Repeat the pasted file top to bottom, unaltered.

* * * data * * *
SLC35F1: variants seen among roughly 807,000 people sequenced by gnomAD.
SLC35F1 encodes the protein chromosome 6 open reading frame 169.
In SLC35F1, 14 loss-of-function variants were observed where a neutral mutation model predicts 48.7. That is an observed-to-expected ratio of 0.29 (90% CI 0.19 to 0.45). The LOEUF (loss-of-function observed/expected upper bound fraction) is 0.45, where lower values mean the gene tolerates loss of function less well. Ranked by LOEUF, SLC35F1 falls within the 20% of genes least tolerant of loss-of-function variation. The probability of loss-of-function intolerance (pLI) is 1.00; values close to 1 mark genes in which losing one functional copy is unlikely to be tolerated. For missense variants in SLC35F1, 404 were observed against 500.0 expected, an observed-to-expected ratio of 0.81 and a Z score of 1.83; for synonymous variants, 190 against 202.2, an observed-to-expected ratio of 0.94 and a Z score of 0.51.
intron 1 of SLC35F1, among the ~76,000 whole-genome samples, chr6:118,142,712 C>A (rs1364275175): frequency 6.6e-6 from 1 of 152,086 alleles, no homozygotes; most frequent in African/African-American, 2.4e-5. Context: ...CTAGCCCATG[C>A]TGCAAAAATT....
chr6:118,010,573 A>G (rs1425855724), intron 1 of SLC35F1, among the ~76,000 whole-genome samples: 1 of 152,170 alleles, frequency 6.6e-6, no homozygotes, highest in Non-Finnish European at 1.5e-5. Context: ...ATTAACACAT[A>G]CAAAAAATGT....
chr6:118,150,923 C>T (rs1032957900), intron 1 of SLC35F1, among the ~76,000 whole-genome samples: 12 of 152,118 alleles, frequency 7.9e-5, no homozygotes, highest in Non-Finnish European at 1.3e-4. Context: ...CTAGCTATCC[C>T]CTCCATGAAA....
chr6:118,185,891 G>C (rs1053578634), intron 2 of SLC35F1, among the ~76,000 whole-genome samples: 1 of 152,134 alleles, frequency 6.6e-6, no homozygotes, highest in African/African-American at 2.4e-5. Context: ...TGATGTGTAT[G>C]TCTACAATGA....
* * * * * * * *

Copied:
SLC35F1: variants seen among roughly 807,000 people sequenced by gnomAD.
SLC35F1 encodes the protein chromosome 6 open reading frame 169.
In SLC35F1, 14 loss-of-function variants were observed where a neutral mutation model predicts 48.7. That is an observed-to-expected ratio of 0.29 (90% CI 0.19 to 0.45). The LOEUF (loss-of-function observed/expected upper bound fraction) is 0.45, where lower values mean the gene tolerates loss of function less well. Ranked by LOEUF, SLC35F1 falls within the 20% of genes least tolerant of loss-of-function variation. The probability of loss-of-function intolerance (pLI) is 1.00; values close to 1 mark genes in which losing one functional copy is unlikely to be tolerated. For missense variants in SLC35F1, 404 were observed against 500.0 expected, an observed-to-expected ratio of 0.81 and a Z score of 1.83; for synonymous variants, 190 against 202.2, an observed-to-expected ratio of 0.94 and a Z score of 0.51.
intron 1 of SLC35F1, among the ~76,000 whole-genome samples, chr6:118,142,712 C>A (rs1364275175): frequency 6.6e-6 from 1 of 152,086 alleles, no homozygotes; most frequent in African/African-American, 2.4e-5. Context: ...CTAGCCCATG[C>A]TGCAAAAATT....
chr6:118,010,573 A>G (rs1425855724), intron 1 of SLC35F1, among the ~76,000 whole-genome samples: 1 of 152,170 alleles, frequency 6.6e-6, no homozygotes, highest in Non-Finnish European at 1.5e-5. Context: ...ATTAACACAT[A>G]CAAAAAATGT....
chr6:118,150,923 C>T (rs1032957900), intron 1 of SLC35F1, among the ~76,000 whole-genome samples: 12 of 152,118 alleles, frequency 7.9e-5, no homozygotes, highest in Non-Finnish European at 1.3e-4. Context: ...CTAGCTATCC[C>T]CTCCATGAAA....
chr6:118,185,891 G>C (rs1053578634), intron 2 of SLC35F1, among the ~76,000 whole-genome samples: 1 of 152,134 alleles, frequency 6.6e-6, no homozygotes, highest in African/African-American at 2.4e-5. Context: ...TGATGTGTAT[G>C]TCTACAATGA....